In 2020, funding for digital health ventures jumped 72 percent, totaling some $14 billion across 440 deals, according to the Healthcare Information and Management Systems Society. Investments in telehealth alone shattered previous records, soaring 139% to $4.3 billion, according to a new report from market research firm Mercom Capital Group. Data analytics and mobile health apps also received strong support from investors.
But 2021 is likely to be even stronger for digital health.
Already in Q1, digital health companies have raised $7.2 billion worldwide, a significant jump from both the previous quarter and Q1 last year, according to Mercom Capital Group.
And as far as we know, the years ahead could generate even higher figures.
The Digital Health Renaissance is Here
Not only are investors waking up to the promise of digital health, consumers are as well.
The new models of care utilized during the pandemic will likely stay with us well after the crisis ends. After all, many of these technologies can be used to treat other conditions, from Alzheimer’s to cancer. The possibilities are endless.
A flood of health apps are already available to health-conscious consumers, from supporting general well-being, diabetes management to sleeping habits. Behavioral health apps are becoming popular too.
So which digital health trends will stay with us long after the Covid-19 crisis ends?
For many people, the Covid-19 pandemic signaled the first time they experienced virtual care. Patient willingness to utilize telemedicine increased by as much as 66% during the pandemic. And telehealth investments nearly tripled between 2019 and 2020, growing from $1.1 billion to $3.1 billion. By other accounts, investments in telemedicine soared 139% to $4.3 billion.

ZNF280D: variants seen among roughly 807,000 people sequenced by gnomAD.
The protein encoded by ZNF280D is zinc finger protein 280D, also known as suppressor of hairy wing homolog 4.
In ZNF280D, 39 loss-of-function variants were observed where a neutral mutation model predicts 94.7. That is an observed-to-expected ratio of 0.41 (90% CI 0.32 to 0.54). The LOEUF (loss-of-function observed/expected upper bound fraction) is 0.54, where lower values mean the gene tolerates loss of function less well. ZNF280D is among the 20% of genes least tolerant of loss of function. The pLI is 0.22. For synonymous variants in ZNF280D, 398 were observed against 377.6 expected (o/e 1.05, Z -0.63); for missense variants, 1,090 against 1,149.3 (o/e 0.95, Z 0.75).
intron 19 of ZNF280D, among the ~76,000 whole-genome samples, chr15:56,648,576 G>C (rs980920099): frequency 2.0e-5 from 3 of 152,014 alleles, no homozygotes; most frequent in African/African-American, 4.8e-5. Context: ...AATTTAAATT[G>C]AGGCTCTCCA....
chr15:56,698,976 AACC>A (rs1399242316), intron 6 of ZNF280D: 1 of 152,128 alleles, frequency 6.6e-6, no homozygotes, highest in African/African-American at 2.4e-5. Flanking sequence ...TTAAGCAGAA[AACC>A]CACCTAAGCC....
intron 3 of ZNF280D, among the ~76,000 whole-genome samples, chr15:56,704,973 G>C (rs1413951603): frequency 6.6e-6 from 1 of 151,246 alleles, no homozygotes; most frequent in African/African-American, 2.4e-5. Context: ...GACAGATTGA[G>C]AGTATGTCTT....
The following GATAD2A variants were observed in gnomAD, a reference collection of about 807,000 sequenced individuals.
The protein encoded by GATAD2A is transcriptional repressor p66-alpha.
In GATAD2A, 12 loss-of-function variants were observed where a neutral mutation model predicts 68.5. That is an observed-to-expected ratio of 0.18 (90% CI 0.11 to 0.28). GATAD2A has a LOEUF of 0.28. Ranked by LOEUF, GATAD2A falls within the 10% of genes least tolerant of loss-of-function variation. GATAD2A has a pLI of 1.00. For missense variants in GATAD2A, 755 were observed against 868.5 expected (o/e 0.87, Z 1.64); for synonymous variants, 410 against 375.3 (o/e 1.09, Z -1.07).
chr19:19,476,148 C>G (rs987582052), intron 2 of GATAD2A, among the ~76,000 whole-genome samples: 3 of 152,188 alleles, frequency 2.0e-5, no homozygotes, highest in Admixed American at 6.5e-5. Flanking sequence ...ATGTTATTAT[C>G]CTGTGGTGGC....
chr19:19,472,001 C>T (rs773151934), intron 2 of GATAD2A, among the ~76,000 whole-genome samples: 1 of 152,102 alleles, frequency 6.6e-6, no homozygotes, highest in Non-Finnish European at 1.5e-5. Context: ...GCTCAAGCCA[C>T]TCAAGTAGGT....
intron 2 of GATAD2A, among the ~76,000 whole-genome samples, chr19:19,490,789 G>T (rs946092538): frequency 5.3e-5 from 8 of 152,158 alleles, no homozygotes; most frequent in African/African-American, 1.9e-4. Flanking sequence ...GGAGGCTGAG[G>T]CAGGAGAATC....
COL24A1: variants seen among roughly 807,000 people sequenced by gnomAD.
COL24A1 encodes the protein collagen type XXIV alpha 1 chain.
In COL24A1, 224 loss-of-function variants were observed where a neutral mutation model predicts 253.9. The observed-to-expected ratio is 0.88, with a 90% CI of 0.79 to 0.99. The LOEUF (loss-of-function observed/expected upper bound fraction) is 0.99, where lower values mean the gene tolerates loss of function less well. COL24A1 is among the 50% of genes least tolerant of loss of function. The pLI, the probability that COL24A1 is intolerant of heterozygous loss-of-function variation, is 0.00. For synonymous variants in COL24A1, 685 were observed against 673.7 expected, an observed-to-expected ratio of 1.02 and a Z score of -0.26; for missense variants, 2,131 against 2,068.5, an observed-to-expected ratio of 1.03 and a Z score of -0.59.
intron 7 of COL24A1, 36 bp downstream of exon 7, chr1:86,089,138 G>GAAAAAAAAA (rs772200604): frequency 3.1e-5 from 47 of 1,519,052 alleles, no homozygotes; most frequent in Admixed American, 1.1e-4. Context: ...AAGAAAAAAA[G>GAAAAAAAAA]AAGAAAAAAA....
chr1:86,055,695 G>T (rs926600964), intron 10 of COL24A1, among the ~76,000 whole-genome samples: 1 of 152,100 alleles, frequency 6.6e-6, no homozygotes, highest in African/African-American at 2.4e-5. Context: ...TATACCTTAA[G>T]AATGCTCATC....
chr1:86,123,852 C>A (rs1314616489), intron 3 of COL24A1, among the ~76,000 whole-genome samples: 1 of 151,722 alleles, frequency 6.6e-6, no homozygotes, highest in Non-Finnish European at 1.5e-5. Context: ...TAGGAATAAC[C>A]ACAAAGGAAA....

Investments in telehealth alone shattered
previous records, soaring 139% to $4.3 billion.
But it’s not just investors and patients who are bullish, health care facilities also see the benefits. Telemedicine can cut costs and increase efficiency. Moving forward, we are likely to witness a hybrid system of care, finding the right balance between in-person and virtual visits.
2. Remote Patient Monitoring [RPM]
Digital health devices will become a key feature of patient health for years to come. Wearables can track behaviors from a person’s own home and deliver remote diagnostics directly to a physician. In fact, RPM devices proved to be vital during the Covid-19 pandemic, expanding physicians’ access to patient data when in-patient visits were limited.